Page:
The unique lighting of the area has attracted painters since the 1800’s and one of the best known was Rene Richard whose one time home houses the Maison Rene Richard Museum. From 1939 to 1987 Rene and other artists gathered here to work. The paintings displayed are remarkable testaments to the region’s beauty.
For a complete look at the Culture Trail visit Tourisme-Charlevoix.com.
It can be said that Charlevoix’s beauty comes from above due to a 15-billion ton meteorite 350 million years ago. It is a World Biosphere Reserve designated by UNESCO in 1989, one of the few with human settlements. Outdoor exploration rarely gets as much play as it does here.
To get a grip on the meteorite’s impact it is best to climb to the Sommat du Mont du Lac des Cygnes—a national park.
From the summit, no fewer than five small villages can be spotted. Even further into the wilderness is the Parc national des Hautes-Gorges-de-la-Riviere-Malbaie, the climb to the amazing Acropole des Draveurs situated above hanging glacial valleys and the Riviere Malbaie.
A quick and easy tromp through the Municipal Parc of Baie-des-Rochers will give you a glimpse of marine mammals and trail to the beach. The choices are endless with both easy and difficult options.
From the Artist Suite, nature provided an unbelievable picture, a pod of snow-white Beluga whales swimming past at sunset. It was as perfect a moment as I have ever had in a resort and you soon expect the best at the Manoir Richelieu, a Fairmont property. It also is one of the Fairmont’s most unique yet reasonable stays.
No matter what your choice of room, the facilities such as indoor and outdoor heated pools are yours for the taking. Strolling the grounds alone is cause for a deep relaxing breath. The original hotel was built in 1899 and due to its placement on the cliff at Pointe-au-Pic, it remains an exceptional place to bed down. It is massive and during reconstruction, bulldozers were used inside, yet the key ingredients of style and period are vividly intact.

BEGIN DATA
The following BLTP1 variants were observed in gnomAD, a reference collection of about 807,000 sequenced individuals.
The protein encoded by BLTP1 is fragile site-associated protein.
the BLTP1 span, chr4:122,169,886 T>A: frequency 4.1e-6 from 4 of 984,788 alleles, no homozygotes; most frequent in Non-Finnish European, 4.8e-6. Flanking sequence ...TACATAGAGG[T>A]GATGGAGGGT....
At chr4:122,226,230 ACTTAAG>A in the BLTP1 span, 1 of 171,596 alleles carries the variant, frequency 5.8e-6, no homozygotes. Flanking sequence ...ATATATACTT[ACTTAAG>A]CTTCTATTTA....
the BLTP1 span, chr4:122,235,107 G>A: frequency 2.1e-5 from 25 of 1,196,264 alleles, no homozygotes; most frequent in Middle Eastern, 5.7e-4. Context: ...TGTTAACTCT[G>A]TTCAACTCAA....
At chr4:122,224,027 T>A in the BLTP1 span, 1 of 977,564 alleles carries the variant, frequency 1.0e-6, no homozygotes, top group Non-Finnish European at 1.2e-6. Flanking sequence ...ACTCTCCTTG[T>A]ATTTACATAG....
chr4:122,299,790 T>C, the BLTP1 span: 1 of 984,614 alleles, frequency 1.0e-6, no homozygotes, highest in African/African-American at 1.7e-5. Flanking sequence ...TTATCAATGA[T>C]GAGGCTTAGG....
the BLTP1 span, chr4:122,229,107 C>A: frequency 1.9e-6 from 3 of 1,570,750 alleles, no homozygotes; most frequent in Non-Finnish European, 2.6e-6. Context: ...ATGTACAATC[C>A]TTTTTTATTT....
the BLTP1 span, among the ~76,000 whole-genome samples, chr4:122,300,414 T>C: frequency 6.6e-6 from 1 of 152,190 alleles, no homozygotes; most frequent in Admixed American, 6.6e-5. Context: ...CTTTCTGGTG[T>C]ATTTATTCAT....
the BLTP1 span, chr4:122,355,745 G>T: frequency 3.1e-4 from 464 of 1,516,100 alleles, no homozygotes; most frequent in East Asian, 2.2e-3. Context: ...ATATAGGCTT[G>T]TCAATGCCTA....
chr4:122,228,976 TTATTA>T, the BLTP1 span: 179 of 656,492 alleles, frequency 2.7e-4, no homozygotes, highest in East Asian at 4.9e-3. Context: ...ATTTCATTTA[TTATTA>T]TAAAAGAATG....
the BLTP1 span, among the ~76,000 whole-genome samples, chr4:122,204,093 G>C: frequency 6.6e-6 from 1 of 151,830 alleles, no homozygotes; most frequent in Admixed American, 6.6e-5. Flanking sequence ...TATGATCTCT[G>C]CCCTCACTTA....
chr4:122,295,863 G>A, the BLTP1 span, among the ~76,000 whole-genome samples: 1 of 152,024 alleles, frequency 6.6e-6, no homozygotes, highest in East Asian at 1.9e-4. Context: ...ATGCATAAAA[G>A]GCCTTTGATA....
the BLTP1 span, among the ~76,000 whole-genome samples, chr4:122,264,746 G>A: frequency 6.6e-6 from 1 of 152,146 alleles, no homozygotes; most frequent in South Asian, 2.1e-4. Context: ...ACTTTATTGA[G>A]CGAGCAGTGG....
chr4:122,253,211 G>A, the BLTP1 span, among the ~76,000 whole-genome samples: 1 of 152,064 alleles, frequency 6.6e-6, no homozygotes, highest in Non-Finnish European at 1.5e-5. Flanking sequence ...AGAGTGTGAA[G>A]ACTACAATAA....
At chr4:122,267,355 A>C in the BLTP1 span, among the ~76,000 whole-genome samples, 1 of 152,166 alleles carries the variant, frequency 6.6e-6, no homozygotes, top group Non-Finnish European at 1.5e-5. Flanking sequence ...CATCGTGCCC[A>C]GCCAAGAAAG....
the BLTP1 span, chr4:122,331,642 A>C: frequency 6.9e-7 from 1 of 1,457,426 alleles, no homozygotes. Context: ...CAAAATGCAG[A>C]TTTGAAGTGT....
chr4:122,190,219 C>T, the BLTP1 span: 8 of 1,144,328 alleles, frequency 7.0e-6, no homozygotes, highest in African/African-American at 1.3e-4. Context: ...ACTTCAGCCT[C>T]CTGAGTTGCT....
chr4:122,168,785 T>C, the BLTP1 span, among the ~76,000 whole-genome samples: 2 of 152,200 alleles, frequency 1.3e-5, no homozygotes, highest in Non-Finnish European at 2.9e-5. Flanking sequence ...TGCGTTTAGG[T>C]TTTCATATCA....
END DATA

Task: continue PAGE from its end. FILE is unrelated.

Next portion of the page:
Lest your time in the laid-back Charlevoix make you wish for a little glitz, on the grounds of the manor is the Casino de Charlevoix. The architecturally stunning Casino is a place to play without the pressures big city casinos seem to have built in.
Perhaps it is the view of the St. Lawrence but even dropping a few dollars doesn’t appear to drop many players’ chins. Visiting this region only appears to raise the corners of your lips into a smile.
The story of the Beluga whales is one of the sad examples of losing nature. The Fairmont is helping in the preservation and the whole story can be found at dfo-mpo.gc.ca. The Hotel’s website is at Casino-de-Charlevoix.com.
This area has natural treasures that are within driving range of the Northeast; visit the neighbors, you will not be sorry!
Kent St. John was GoNOMAD’s Senior Travel Editor since the website was founded in 2000. During that time he circled the globe many times, visiting more than 80 countries. Sadly, he passed away on Thanksgiving Day in 2012. He had an appreciation of subtleties, always finding a way to capture the nuances and essences of a destination, whether he was whale-watching in Nova Scotia, riding the rails in Australia, bungee jumping in China or worshipping the sun on a beach in Brazil.